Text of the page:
Hilary - That's great. Now. We've heard the term COVID-19 long haulers. What exactly is that?
Imei Hsu - A long hauler, a person who got COVID-19 got a positive diagnosis and became severely ill. And instead of having a more routine recovery, somewhere in the line of four to six weeks, post their, their diagnosis and their illness. That they start showing a number of different, more chronic issues, meaning chronic, meaning that it goes past four to six months. Now that we've been in the state almost a year. You're starting to see we've already started to see a number of people pass the six month period where they are not recovering. So they're showing up with cardiomyopathy, they're showing up with significant lung scarring where these were healthy 30 year olds, healthy 40 year olds, healthy 50 year olds. People that didn't have any significant disease challenge before they got sick. And now they can't walk around the block of their house without feeling extremely fatigued, having these kinds of symptoms. With no real response to any type of treatment we have other than standard for those specific conditions. Like you treat the cardiomyopathy, but there's all these residuals leftover. It's leaving a lot of our healthcare professionals, frankly, scratching their heads about what more can be done for them.
Hilary - Now does the COVID vaccine work for people who are long haulers?
Imei Hsu - So currently, I will refer to everyone who's listening to this, to the CDC website. Cause it's, that's where we get most of our information as it rolls out from the manufacturers. The recommendation is if you haven't tested negative for COVID after you've passed through a period of time where you were positive, you built immunity and then you should be negative for COVID 19. There was a period of time where it's recommended. You can go ahead and get vaccinated because there's a chance. One that you could get again. And two, because we now have three documented variants flying around in our nation that you should get, um, you should get vaccinated. And then it depends on which vaccine you get. There will be guidelines from these specific manufacturers on the timeline of when you should be vaccinated.
Hilary - Now, there are people who may be symptomatic and they don't know that they have COVID-19. If they get the vaccine, will there be any implications?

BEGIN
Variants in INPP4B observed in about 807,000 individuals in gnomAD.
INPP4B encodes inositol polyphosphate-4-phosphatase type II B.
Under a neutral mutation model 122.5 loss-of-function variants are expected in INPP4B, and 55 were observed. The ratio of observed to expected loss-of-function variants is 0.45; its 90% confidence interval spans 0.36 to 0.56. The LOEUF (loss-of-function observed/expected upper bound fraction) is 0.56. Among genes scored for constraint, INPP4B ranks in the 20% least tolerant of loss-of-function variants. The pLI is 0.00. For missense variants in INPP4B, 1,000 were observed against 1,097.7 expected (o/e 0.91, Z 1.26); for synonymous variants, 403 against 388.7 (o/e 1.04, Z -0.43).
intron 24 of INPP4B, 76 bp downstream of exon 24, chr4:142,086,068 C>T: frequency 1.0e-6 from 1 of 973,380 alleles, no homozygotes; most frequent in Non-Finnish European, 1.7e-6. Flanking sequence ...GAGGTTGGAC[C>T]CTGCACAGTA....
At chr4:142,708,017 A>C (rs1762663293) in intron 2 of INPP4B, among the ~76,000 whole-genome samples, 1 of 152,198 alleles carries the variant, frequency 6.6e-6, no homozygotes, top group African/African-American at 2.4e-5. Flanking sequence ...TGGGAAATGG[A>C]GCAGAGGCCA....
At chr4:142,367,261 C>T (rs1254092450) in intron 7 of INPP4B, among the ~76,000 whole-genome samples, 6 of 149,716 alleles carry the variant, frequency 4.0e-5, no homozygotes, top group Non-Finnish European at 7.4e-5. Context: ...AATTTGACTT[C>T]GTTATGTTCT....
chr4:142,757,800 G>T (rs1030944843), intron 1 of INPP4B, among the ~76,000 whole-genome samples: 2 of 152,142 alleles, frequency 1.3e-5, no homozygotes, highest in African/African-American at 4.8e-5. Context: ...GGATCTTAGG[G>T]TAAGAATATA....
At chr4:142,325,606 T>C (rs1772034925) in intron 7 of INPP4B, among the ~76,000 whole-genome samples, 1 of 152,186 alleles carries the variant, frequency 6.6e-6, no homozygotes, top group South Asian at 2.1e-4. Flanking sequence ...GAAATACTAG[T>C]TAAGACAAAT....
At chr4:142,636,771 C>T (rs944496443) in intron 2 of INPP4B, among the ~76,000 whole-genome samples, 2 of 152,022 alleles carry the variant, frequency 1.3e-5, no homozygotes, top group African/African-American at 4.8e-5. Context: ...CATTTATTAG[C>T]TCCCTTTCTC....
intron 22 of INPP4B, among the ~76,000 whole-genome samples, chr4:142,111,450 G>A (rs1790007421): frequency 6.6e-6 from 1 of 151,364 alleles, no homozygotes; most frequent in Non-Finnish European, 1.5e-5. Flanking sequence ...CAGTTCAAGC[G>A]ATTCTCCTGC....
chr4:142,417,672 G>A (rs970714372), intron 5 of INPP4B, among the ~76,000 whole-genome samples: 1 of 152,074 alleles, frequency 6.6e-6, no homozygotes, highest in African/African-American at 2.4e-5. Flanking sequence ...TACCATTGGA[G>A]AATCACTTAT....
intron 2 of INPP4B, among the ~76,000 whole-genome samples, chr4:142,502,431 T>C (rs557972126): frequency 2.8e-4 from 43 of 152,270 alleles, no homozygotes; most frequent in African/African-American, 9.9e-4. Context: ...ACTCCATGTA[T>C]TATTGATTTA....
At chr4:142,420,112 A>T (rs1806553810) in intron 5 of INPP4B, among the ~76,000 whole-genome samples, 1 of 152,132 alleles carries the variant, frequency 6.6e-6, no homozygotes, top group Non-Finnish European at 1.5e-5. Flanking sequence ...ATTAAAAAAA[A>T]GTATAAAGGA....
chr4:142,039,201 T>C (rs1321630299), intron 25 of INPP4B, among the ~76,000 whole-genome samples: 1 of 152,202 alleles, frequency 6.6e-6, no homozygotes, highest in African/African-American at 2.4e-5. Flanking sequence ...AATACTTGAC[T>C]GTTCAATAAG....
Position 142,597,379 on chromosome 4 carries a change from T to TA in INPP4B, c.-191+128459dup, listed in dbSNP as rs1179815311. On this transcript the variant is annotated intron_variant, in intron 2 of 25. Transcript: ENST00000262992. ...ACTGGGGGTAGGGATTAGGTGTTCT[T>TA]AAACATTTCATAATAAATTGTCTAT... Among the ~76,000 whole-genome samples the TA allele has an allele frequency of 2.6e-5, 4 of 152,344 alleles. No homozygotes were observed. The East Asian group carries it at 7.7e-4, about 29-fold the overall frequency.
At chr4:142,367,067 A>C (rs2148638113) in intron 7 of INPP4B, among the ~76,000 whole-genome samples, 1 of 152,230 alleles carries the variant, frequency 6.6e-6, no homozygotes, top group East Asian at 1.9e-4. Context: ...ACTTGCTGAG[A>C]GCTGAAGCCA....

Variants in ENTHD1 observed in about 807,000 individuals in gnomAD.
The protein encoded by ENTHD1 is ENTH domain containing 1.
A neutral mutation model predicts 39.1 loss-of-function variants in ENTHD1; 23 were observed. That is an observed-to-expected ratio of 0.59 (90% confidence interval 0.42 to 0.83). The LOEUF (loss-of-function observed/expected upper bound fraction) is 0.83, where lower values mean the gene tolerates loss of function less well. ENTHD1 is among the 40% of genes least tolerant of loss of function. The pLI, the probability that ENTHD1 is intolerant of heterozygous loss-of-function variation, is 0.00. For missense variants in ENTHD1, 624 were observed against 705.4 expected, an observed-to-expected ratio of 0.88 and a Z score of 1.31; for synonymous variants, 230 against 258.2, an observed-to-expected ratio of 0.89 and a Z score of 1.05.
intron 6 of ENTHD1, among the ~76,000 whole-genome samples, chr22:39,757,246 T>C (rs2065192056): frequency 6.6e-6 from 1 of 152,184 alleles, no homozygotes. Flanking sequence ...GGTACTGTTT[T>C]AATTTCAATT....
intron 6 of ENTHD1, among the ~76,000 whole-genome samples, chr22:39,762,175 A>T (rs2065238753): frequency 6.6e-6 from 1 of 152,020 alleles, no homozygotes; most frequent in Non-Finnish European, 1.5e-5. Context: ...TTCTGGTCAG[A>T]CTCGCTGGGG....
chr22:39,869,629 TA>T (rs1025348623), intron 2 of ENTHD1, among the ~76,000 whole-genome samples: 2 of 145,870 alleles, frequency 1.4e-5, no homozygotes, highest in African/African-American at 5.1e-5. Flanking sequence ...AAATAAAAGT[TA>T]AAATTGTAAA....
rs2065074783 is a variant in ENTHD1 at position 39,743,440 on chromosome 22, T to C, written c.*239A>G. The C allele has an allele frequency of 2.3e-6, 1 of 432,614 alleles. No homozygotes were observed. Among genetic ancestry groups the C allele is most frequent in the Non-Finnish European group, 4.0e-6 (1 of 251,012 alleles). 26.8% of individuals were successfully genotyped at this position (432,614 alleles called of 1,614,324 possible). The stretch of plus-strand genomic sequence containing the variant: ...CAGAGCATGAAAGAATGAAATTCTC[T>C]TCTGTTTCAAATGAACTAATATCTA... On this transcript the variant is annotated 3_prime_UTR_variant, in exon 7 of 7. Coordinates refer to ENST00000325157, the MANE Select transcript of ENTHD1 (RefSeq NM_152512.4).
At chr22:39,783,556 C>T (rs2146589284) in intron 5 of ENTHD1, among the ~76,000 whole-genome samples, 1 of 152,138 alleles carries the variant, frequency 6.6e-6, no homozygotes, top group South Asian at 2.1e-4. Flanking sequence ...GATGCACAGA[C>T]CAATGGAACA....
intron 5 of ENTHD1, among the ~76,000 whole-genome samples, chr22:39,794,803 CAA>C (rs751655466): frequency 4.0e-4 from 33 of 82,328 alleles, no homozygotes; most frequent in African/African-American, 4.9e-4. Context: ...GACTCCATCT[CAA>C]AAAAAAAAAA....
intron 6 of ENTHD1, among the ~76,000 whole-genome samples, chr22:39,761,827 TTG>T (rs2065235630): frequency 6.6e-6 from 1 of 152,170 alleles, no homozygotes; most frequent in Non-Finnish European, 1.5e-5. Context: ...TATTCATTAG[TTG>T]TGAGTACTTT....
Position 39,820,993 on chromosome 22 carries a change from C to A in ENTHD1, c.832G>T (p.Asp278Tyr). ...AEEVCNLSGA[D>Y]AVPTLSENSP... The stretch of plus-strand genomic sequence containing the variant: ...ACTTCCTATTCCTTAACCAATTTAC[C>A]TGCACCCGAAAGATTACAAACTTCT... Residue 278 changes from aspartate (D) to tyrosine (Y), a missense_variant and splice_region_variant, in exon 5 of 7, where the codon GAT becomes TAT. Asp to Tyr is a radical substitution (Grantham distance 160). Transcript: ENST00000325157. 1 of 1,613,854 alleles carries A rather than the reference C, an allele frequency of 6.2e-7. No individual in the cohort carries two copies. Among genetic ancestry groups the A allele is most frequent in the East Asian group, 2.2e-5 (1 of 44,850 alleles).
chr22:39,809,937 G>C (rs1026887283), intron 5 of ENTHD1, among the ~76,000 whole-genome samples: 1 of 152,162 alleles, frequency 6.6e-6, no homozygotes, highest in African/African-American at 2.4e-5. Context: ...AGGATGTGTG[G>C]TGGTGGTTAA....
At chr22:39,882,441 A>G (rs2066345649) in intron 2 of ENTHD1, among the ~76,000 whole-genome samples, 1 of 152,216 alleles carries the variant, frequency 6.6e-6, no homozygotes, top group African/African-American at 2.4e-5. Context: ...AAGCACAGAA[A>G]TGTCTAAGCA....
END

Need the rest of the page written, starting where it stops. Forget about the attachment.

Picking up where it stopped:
Imei Hsu - Well, the recommendation again is for the individual vaccinations. So when you come through, when it's your time in the phase in the state that you're in to get your vaccine, they will screen you. So in your state, they will screen you according to the manufacturer's questions around that. And if you fail any one of the questions there, they will delay your vaccination until it's in the safe period of time. So I think that's the better way to answer it is because we now have at least two and possibly in the next month or so we may have four different types of vaccines. So I don't want to say for sure which one's going to be under what category, but there is some understanding that for the two that are available now, Pfizer and Moderna, there is a period of time post if you had COVID positive. You were COVID positive. There's a period of time where your immunity is enough that you don't need to be vaccinated and you may choose to wait. And so you would want again, go to the manufacturers that listed there and be screened for whether or not you want to wait.
Hilary - So our current president has chosen to do that. Since he too was vaccinated, sorry he was not vaccinated. He chose not to be because he had been COVID positive and it seems like there are a lot of people out there who say to me, I had COVID already, I don't need the vaccine, but that's not really true is it?
Imei Hsu - No, it's not because we do have some cases and again, it was on the CDC site and you can refer there that it is possible to get COVID again and now with three variants that are in our system, one of them showing in the early stages to be easy to transmit that it's a good idea to go ahead and be screened for the vaccine. So my overall idea that I'd like to urge listeners today to consider when it's your time to be offered the vaccine, please strongly consider getting it and then be screened so that if there's a reason you shouldn't get it, I think that's a better way to go look at why you shouldn't get it through the screening questions, assume that you should, until you're told.
Hilary - Now let's talk a little bit about the vaccine. How does it work? What can you expect when you get it and how will you find out when you get yours?